CORNER BROOK — It’s been one long, tough road for Steven Kendell and his family already, but they are only halfway through his main battle against cancer.
Last May, the Grade 6 student at St. Gerard’s Elementary School was diagnosed with medulloblastoma, an aggressive, cancerous brain tumour.
One week later, the 11-year-old had surgery which removed 100 per cent of the malignant growth at the base of his brain, and he’s been on the path to recovery ever since.
His overall prognosis is good, but it has not been an easy time and it will be a while before he can think about returning to his Cubs group or his dance and youth theatre classes.
Steven has only been back home in Corner Brook for a total of about three weeks since his surgery.
He began the first of 32 radiation sessions last June and will have to continue taking chemotherapy treatments until July. Last summer, he had to spend another nine or 10 days in hospital because of blood clots in his lungs.
He’s had 10 blood transfusions and, more recently, had to be admitted after doctors found spots of pneumonia on his lungs.
The next time he will be able to return to Corner Brook will be this spring.
Even after the chemotherapy ends later this year, Steven will have to deal with some of the side effects of the brain surgery. Five days after the procedure, paralysis set in on his right side.
He has since regained some mobility in his right arm and leg, and the hope is he will keep getting stronger in that regard. An inability to fully shut his right eye, which will afflict him for life, should be made virtually unnoticeable with an upcoming surgical procedure.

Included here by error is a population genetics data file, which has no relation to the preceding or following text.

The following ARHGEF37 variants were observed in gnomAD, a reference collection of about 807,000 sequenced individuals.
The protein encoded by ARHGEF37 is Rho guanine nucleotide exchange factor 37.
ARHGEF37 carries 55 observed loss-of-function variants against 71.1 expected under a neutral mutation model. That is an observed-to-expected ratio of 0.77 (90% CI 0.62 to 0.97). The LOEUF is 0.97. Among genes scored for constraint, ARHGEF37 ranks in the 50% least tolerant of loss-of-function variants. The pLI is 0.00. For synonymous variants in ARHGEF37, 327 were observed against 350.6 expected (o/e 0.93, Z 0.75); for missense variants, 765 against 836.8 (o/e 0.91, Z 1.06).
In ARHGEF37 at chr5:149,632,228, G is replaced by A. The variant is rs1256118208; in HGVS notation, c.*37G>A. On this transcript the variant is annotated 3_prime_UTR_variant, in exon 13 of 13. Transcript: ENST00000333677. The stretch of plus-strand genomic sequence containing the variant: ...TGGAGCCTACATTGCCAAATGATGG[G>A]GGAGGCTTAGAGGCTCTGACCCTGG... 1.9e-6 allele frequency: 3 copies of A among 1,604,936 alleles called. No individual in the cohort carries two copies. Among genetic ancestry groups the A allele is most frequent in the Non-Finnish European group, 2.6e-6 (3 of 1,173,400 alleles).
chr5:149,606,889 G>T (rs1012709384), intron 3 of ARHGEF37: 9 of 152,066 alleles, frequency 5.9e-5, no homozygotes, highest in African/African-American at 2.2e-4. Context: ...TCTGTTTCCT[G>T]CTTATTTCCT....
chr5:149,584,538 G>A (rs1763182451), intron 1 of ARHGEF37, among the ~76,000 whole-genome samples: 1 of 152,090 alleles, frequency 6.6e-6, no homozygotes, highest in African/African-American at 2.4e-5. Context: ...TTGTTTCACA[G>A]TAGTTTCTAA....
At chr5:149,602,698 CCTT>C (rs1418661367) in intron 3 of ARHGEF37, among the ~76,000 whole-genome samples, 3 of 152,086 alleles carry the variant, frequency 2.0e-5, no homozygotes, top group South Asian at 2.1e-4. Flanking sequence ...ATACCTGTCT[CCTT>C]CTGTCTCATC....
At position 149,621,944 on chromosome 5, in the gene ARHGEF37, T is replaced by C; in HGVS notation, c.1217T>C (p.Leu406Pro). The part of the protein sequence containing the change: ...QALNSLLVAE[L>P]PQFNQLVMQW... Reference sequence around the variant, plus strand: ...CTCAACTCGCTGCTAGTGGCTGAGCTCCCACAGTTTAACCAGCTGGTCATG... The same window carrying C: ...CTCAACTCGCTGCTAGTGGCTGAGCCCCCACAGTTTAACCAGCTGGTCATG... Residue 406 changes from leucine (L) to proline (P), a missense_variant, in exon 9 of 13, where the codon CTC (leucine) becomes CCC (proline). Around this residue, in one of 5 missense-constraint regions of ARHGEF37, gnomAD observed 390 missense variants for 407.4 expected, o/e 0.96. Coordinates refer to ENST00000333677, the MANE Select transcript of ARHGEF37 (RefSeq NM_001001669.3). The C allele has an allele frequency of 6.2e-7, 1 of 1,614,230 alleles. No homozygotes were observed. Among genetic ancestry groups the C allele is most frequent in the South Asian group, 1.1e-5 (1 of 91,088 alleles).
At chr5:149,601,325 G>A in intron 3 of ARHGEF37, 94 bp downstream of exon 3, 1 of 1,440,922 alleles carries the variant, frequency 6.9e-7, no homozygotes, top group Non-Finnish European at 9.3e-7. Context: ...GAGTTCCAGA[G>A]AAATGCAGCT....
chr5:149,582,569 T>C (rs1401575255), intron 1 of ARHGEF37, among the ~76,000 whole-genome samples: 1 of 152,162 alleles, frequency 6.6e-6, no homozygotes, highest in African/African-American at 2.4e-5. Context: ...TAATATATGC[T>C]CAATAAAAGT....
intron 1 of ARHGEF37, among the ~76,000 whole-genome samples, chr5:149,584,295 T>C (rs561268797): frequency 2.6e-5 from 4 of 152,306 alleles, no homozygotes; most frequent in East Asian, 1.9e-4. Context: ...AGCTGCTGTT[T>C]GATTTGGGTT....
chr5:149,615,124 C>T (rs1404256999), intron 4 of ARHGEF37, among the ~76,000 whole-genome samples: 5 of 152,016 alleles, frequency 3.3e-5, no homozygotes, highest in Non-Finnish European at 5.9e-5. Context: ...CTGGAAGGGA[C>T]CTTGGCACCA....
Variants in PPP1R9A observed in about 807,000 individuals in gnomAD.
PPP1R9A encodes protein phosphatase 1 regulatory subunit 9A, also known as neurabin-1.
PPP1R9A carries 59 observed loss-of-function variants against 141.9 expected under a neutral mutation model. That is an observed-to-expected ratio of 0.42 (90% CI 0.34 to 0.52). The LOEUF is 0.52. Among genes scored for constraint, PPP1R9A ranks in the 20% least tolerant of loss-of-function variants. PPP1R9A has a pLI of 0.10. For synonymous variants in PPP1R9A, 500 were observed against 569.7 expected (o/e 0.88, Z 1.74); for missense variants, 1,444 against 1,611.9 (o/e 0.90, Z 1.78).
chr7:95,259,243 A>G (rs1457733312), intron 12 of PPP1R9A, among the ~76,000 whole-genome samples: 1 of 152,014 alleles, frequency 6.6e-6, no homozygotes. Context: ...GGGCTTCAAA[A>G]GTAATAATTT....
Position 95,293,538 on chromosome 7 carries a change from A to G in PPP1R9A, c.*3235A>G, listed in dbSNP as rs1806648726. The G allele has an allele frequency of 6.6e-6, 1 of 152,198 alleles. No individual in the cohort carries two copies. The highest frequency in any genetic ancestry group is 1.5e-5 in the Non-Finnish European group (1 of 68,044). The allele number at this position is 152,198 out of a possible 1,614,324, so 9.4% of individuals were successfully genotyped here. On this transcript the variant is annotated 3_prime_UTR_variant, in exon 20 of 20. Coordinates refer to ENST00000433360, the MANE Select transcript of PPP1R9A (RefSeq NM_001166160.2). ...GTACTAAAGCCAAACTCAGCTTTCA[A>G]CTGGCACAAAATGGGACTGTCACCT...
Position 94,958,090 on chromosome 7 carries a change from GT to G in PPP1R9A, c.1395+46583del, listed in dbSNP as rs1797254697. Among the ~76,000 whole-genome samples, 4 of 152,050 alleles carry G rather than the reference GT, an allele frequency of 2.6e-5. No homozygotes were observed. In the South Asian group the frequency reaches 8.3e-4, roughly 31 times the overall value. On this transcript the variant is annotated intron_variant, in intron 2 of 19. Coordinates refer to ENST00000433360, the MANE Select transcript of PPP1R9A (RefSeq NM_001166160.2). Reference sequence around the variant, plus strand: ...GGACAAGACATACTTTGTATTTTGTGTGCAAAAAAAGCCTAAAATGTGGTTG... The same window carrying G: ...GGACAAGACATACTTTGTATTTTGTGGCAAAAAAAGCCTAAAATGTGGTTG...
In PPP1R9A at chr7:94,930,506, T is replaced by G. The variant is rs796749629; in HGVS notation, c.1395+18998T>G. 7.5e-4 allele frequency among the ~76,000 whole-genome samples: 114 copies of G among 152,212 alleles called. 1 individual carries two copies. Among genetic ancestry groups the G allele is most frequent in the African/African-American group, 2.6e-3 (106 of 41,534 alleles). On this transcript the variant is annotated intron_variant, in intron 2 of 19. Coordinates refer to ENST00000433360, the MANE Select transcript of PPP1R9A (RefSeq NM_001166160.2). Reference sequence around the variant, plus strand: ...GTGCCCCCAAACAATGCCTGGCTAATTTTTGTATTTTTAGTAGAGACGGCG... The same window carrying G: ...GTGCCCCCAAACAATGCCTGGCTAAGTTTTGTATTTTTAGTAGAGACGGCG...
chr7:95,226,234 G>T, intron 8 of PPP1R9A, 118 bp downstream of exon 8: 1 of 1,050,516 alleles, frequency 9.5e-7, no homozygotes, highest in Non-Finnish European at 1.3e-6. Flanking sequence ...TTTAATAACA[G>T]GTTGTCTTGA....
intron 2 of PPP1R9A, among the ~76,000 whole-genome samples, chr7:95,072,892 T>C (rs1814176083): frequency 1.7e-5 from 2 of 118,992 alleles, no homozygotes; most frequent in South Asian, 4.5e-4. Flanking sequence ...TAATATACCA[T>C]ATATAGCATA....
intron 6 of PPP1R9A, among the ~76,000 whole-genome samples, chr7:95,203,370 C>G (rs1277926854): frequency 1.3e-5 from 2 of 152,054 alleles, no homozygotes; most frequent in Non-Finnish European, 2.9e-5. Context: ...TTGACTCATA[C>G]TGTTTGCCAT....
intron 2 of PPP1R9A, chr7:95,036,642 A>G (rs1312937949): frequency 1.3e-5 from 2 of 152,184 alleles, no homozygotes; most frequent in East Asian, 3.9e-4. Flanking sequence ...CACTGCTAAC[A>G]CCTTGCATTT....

Fortunately, Steven’s brain is well-developed. A younger person who has had this type of surgery would be more susceptible to experiencing issues with brain development.
Besides the physical toll on Steven’s body and the emotional strain it has caused him and his family, there is also the unexpected financial burden they’re enduring.
Staff and students at Steven’s school recently held a recycling blitz to help the family. It raised an impressive $3,000 in one weekend.
Richard Kendell, Steven’s dad, said the response from the school and the community was overwhelming.
“It’s really hard to accept help from anybody, but the reality is we have to,” said Kendell. “If we don’t, things slip by and eventually it all comes to a head.”
“What they did will help get us caught up and get us back on track. In a couple of months, we will be back in the same situation, but this helps us jump the gap.”
Kendell gave up a truck driving job he had landed just before Steven was diagnosed, and has since taken on a new job at Kent Building Supplies. Doreen Noseworthy, Steven’s mom, has taken time from her job at Western Health and will be with Steven until he comes back home.
Kendell and Noseworthy also have two daughters, including Steven’s twin sister Sarah and 16-year-old Megan.
Everyone’s quality of life has been on hold as they help Steven fight for his.
“It’s been a rough go for everybody, no matter how you cut it,” said Kendell.
Bill Chaisson, the principal of St. Gerard’s, said the school community is an extension of Steven’s family and there was no question students and staff would be there for them at this time.
“We try to teach our kids a lot of things,” said Chaisson. “Academics is the most important, but we also teach them it’s important that we take care of each other. That’s what it is all about and this family needs it. It could be any one of us in the same situation tomorrow.”
Chaisson said he too was taken aback by the response to the fundraiser, which saw staff, students and the general public make cash donations and fill two big recycling trailers to the brim. It was the biggest fundraiser the school has ever done, easily eclipsing the $1,800 it raised to help an orphanage in Haiti after the earthquake that struck that country in 2010.
“I thought, if we could raise $500 or $600, that would be good,” said Chaisson. “After the first day, we had just about $1,000 raised and we knew it was going to be phenomenal.”
While being interviewed for this story, Kendell received a text message from Steven in St. John’s. He had just learned about the final fundraiser tally himself.
“Thank you everyone,” he wrote. “That’s unbelievable.”